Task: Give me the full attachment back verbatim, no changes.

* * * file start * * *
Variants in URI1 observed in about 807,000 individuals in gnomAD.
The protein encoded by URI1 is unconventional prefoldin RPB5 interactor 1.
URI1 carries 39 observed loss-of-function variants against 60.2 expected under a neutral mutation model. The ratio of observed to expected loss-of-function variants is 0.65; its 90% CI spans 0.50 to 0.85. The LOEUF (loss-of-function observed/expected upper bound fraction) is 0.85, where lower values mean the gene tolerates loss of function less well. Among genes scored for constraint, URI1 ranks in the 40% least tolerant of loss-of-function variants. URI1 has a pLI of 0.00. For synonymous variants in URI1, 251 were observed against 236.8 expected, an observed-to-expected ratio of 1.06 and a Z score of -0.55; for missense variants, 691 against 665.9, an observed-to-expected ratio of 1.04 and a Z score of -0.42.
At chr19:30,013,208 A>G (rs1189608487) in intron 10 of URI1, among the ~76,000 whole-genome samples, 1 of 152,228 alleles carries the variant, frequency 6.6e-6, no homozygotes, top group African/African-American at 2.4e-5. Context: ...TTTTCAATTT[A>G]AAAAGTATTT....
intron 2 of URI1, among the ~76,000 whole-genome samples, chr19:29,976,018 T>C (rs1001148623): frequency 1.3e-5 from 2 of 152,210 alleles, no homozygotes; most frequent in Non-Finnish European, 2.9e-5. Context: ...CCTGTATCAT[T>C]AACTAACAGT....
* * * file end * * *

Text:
Variants in URI1 observed in about 807,000 individuals in gnomAD.
The protein encoded by URI1 is unconventional prefoldin RPB5 interactor 1.
URI1 carries 39 observed loss-of-function variants against 60.2 expected under a neutral mutation model. The ratio of observed to expected loss-of-function variants is 0.65; its 90% CI spans 0.50 to 0.85. The LOEUF (loss-of-function observed/expected upper bound fraction) is 0.85, where lower values mean the gene tolerates loss of function less well. Among genes scored for constraint, URI1 ranks in the 40% least tolerant of loss-of-function variants. URI1 has a pLI of 0.00. For synonymous variants in URI1, 251 were observed against 236.8 expected, an observed-to-expected ratio of 1.06 and a Z score of -0.55; for missense variants, 691 against 665.9, an observed-to-expected ratio of 1.04 and a Z score of -0.42.
At chr19:30,013,208 A>G (rs1189608487) in intron 10 of URI1, among the ~76,000 whole-genome samples, 1 of 152,228 alleles carries the variant, frequency 6.6e-6, no homozygotes, top group African/African-American at 2.4e-5. Context: ...TTTTCAATTT[A>G]AAAAGTATTT....
intron 2 of URI1, among the ~76,000 whole-genome samples, chr19:29,976,018 T>C (rs1001148623): frequency 1.3e-5 from 2 of 152,210 alleles, no homozygotes; most frequent in Non-Finnish European, 2.9e-5. Context: ...CCTGTATCAT[T>C]AACTAACAGT....